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ARS Home » Pacific West Area » Hilo, Hawaii » Daniel K. Inouye U.S. Pacific Basin Agricultural Research Center » Tropical Crop and Commodity Protection Research » Research » Research Project #436808

Research Project: Improved Detection and Control of Tropical Invasive Insect Pests

Location: Tropical Crop and Commodity Protection Research

Project Number: 2040-22430-026-46-S
Project Type: Non-Assistance Cooperative Agreement

Start Date: Sep 16, 2019
End Date: Sep 15, 2022

Objective:
Fruit flies, ants, beetles, and other invasive insect pests pose serious threats to Hawaii and U.S. mainland agriculture. An understanding of pest complexes, paths of introduction, insect distribution, behavior and natural predators are essential for effective prevention and control. Collaborative research is needed to address the immediate and continuing impacts of established pests on tropical crops and the more than 20 new insects introduced annually to the Hawaiian Islands. The objectives of this cooperative agreement are to: 1) develop improved methods or technologies to prevent, detect, and rapidly respond to new invasive pests; 2) develop new measures to reduce introductions of pests into Hawaii and the U.S. mainland; 3) develop integrated pest management tools, including biocontrol, for tropical pests of agricultural importance; 4) develop new technologies to detect and manage biopesticide resistance in tephritid fruit flies; and 5) determine the economic impacts of tropical pests in agricultural systems.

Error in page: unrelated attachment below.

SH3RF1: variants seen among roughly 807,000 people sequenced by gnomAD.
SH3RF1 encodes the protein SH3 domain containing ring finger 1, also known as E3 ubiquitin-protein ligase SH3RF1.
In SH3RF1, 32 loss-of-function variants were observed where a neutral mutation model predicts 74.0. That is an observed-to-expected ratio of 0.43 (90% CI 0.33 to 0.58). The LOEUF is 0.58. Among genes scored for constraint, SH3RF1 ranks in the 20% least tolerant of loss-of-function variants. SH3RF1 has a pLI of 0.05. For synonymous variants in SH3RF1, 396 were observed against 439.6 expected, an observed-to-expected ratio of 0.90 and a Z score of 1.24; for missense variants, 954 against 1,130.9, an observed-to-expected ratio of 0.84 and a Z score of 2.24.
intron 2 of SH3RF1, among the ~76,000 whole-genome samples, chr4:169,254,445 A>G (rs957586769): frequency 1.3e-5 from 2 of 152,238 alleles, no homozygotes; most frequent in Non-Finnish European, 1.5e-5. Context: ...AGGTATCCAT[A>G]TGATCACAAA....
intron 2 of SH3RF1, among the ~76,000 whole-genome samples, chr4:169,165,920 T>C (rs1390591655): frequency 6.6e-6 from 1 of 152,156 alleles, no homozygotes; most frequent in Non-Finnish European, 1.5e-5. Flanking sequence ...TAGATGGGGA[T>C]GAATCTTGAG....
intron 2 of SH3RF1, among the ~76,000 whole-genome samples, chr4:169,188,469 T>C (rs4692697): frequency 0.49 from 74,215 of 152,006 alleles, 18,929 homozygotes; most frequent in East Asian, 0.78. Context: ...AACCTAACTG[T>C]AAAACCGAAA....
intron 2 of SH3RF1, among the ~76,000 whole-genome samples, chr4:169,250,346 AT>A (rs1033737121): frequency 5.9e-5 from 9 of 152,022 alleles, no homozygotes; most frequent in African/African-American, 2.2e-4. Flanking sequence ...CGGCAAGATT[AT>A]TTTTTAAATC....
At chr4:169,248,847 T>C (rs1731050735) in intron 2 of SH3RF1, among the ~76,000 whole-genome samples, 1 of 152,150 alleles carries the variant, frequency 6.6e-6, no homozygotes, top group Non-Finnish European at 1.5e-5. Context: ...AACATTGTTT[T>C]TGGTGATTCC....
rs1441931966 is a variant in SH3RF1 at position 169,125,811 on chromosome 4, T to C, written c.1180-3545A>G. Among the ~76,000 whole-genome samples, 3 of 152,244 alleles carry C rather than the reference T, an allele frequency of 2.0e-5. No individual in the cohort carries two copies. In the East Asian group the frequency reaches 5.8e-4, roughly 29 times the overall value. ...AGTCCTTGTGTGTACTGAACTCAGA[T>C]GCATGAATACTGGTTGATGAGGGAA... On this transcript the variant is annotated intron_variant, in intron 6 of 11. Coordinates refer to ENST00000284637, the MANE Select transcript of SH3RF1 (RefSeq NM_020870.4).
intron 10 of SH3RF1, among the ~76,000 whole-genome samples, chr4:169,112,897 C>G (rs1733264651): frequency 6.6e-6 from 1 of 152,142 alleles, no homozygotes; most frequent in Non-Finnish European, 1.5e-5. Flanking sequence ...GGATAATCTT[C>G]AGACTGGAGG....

Approach:
The approach of this project is to address the identification, detection and distribution of newly invasive pests by application of improved surveys, enhanced trapping and baiting strategies, and genetic methods. Least-toxic, integrated pest control strategies will be developed, to include biocontrol, early detection, and cultural practices for new or established pests. Relevant impacts of invasive pests and pest control methods on non-target species will be studied. Resistance to biopesticides will be addressed through new bioassays or molecular markers of resistance. Improved pest identification and quarantine techniques will be achieved through species complex studies using both morphological and genetic methods. Economic impacts of pests and invasive pest control methods will be considered and evaluated. Emphasis is on pests of agricultural importance, including tephritid fruit flies, little fire ants, coffee berry borer, macadamia feltid coccid, longhorn beetle, sweetpotato weevils, pickle worm, mealy bugs, thrips, and slugs.